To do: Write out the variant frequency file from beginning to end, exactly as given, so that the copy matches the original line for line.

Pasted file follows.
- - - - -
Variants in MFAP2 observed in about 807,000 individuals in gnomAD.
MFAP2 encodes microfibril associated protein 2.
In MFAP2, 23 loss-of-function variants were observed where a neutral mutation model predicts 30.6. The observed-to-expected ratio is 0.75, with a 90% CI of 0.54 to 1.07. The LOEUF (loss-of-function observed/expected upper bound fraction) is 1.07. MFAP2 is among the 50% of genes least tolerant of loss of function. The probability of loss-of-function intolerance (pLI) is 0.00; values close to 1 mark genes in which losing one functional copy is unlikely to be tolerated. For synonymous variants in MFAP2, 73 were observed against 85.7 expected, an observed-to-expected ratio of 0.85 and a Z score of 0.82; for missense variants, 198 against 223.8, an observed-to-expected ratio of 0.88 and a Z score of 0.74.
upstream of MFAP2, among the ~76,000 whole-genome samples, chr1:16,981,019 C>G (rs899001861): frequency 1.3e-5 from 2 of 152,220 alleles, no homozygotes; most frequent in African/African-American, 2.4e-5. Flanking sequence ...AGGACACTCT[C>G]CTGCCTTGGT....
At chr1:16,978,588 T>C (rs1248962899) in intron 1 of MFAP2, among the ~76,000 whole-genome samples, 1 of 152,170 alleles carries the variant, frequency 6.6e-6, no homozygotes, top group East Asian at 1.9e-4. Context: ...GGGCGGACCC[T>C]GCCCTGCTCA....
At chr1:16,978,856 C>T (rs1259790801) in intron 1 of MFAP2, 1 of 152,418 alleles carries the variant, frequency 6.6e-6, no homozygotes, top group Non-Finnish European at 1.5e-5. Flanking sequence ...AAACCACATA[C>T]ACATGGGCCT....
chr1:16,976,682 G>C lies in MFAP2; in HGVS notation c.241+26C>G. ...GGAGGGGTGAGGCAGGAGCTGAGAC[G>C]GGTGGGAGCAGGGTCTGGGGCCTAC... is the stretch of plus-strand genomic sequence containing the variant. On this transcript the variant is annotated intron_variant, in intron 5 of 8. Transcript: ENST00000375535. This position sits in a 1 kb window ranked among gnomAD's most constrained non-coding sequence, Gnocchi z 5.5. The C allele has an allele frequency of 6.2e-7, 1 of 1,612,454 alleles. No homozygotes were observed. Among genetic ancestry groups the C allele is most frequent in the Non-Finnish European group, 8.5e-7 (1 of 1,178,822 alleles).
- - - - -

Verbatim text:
Variants in MFAP2 observed in about 807,000 individuals in gnomAD.
MFAP2 encodes microfibril associated protein 2.
In MFAP2, 23 loss-of-function variants were observed where a neutral mutation model predicts 30.6. The observed-to-expected ratio is 0.75, with a 90% CI of 0.54 to 1.07. The LOEUF (loss-of-function observed/expected upper bound fraction) is 1.07. MFAP2 is among the 50% of genes least tolerant of loss of function. The probability of loss-of-function intolerance (pLI) is 0.00; values close to 1 mark genes in which losing one functional copy is unlikely to be tolerated. For synonymous variants in MFAP2, 73 were observed against 85.7 expected, an observed-to-expected ratio of 0.85 and a Z score of 0.82; for missense variants, 198 against 223.8, an observed-to-expected ratio of 0.88 and a Z score of 0.74.
upstream of MFAP2, among the ~76,000 whole-genome samples, chr1:16,981,019 C>G (rs899001861): frequency 1.3e-5 from 2 of 152,220 alleles, no homozygotes; most frequent in African/African-American, 2.4e-5. Flanking sequence ...AGGACACTCT[C>G]CTGCCTTGGT....
At chr1:16,978,588 T>C (rs1248962899) in intron 1 of MFAP2, among the ~76,000 whole-genome samples, 1 of 152,170 alleles carries the variant, frequency 6.6e-6, no homozygotes, top group East Asian at 1.9e-4. Context: ...GGGCGGACCC[T>C]GCCCTGCTCA....
At chr1:16,978,856 C>T (rs1259790801) in intron 1 of MFAP2, 1 of 152,418 alleles carries the variant, frequency 6.6e-6, no homozygotes, top group Non-Finnish European at 1.5e-5. Flanking sequence ...AAACCACATA[C>T]ACATGGGCCT....
chr1:16,976,682 G>C lies in MFAP2; in HGVS notation c.241+26C>G. ...GGAGGGGTGAGGCAGGAGCTGAGAC[G>C]GGTGGGAGCAGGGTCTGGGGCCTAC... is the stretch of plus-strand genomic sequence containing the variant. On this transcript the variant is annotated intron_variant, in intron 5 of 8. Transcript: ENST00000375535. This position sits in a 1 kb window ranked among gnomAD's most constrained non-coding sequence, Gnocchi z 5.5. The C allele has an allele frequency of 6.2e-7, 1 of 1,612,454 alleles. No homozygotes were observed. Among genetic ancestry groups the C allele is most frequent in the Non-Finnish European group, 8.5e-7 (1 of 1,178,822 alleles).